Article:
Helping the Hardest Hit Communities

Posted by The Seattle University Alumni Association on Thursday, May 7, 2020 at 9:00 AM PDT

Alumnus Gordon McHenry standing on a bridge in front of downtown Seattle

Any disaster will put a strain on individuals, families and communities. But a world health pandemic, such as COVID-19, has highlighted systemic issues such as unequal wealth distribution, racial injustice and the inequity in our healthcare system.

According to Public Health - Seattle King County COVID-19 is impacting communities of color at a higher rate. This new analysis shows that the rates for confirmed cases and hospitalizations are showing racial disparities.

“COVID-19 has devastated the economy and health care. This means that vulnerable communities have fewer resources, have less resilience, and have very limited to no places to turn other than the non-profit community or the public sector,” said Gordon McHenry, Jr., ’79, president and CEO of United Way of King County. “What we have experienced both in terms of direct services as well as in our communication with nonprofits who work in communities of color and low income communities is that everything has gotten worse, and in a very rapid way.”

McHenry went on to explain that “when we began to understand the impacts of COVID-19 on the community, we immediately started conversations with some of our corporate partners and with the Seattle Foundation. We rapidly agreed that the most powerful step forward would be for us to virtually stand shoulder to shoulder and raise up the need and the opportunity to give money to support the most vulnerable in our community.” These partnerships have raised more than $20 million for the Seattle Foundation's Community Response Fund, some of which has been distributed to 128 different organizations that serve communities of color, immigrant, refugee and senior populations and people with disabilities. Currently, phase two of funding, which will be distributed in the coming weeks, will support emergency financial assistance, mental and behavioral health, childcare and food security.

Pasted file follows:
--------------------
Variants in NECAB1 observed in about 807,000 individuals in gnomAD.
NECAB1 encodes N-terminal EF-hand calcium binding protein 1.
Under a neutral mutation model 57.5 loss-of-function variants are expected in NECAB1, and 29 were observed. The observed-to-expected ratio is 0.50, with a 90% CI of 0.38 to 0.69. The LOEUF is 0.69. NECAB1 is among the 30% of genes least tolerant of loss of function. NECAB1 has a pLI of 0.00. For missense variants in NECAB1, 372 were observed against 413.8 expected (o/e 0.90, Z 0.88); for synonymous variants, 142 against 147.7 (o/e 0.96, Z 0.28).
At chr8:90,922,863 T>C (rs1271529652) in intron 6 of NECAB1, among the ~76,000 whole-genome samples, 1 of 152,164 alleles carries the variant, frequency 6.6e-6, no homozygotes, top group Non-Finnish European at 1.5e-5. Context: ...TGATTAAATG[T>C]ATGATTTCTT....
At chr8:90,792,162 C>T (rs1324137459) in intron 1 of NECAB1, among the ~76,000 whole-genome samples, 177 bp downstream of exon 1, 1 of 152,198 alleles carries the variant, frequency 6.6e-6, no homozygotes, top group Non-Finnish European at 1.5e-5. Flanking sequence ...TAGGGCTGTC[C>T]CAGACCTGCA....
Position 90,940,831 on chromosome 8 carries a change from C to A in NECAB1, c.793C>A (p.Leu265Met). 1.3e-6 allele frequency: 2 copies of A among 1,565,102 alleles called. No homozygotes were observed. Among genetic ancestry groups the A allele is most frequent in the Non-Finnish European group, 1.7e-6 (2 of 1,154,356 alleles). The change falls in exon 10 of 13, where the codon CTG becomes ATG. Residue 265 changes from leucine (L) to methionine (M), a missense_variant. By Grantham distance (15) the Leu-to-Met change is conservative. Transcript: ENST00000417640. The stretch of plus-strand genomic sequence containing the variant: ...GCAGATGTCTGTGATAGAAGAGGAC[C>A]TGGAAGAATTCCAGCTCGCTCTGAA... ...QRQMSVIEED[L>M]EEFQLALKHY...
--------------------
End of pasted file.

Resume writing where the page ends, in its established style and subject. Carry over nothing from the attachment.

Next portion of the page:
United Way’s mission of bringing people, public health, corporate and other non-profit partners together to help the community has benefited some of the most at-risk people and families. The need in the community is great and continuing to increase.  So United Way launched a COVID-19 Community Relief Fund to raise money to support households needing rental assistance and families who are hungry and need help securing food.  Their food assistance program currently serves 3,500 families with meals and its rental assistance program served 2,000 families who were struggling to make rent in April. Despite these successes, there are more applicants than funding available to support them.

Through all of this, McHenry is passionately leading his organization with a focus on social justice and racial equity to support and serve the common good. “I am so proud to lead an organization that will help our communities survive. We have a great team, lot of great supporters, partners, donors and volunteers. We all wake up wanting to be as active and impactful as possible.”

As the effects of COVID-19 continue to unfold, McHenry says, “volunteerism is really important and can and should be done in a time of crisis.” His recommendation to alumni is to take action by making a donation to United Way or wherever you see personal alignment or need in your community.

Find out ways you can help United Way of King County.